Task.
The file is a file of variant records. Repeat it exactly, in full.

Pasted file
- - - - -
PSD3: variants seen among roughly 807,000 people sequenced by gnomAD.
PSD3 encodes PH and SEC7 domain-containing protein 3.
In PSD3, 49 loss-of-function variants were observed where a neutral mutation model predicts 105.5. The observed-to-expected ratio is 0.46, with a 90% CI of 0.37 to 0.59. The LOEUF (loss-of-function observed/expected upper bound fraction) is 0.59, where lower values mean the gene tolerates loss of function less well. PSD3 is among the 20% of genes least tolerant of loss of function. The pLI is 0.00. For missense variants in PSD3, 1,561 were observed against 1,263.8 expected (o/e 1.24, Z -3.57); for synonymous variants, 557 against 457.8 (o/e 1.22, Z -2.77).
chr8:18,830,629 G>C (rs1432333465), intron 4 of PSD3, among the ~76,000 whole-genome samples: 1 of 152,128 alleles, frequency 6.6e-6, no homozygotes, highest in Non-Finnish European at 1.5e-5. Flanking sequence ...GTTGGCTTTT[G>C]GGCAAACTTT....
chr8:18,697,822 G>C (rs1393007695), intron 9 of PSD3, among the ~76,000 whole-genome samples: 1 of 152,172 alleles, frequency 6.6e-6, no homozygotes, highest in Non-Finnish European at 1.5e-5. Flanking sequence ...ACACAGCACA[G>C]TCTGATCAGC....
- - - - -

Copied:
PSD3: variants seen among roughly 807,000 people sequenced by gnomAD.
PSD3 encodes PH and SEC7 domain-containing protein 3.
In PSD3, 49 loss-of-function variants were observed where a neutral mutation model predicts 105.5. The observed-to-expected ratio is 0.46, with a 90% CI of 0.37 to 0.59. The LOEUF (loss-of-function observed/expected upper bound fraction) is 0.59, where lower values mean the gene tolerates loss of function less well. PSD3 is among the 20% of genes least tolerant of loss of function. The pLI is 0.00. For missense variants in PSD3, 1,561 were observed against 1,263.8 expected (o/e 1.24, Z -3.57); for synonymous variants, 557 against 457.8 (o/e 1.22, Z -2.77).
chr8:18,830,629 G>C (rs1432333465), intron 4 of PSD3, among the ~76,000 whole-genome samples: 1 of 152,128 alleles, frequency 6.6e-6, no homozygotes, highest in Non-Finnish European at 1.5e-5. Flanking sequence ...GTTGGCTTTT[G>C]GGCAAACTTT....
chr8:18,697,822 G>C (rs1393007695), intron 9 of PSD3, among the ~76,000 whole-genome samples: 1 of 152,172 alleles, frequency 6.6e-6, no homozygotes, highest in Non-Finnish European at 1.5e-5. Flanking sequence ...ACACAGCACA[G>C]TCTGATCAGC....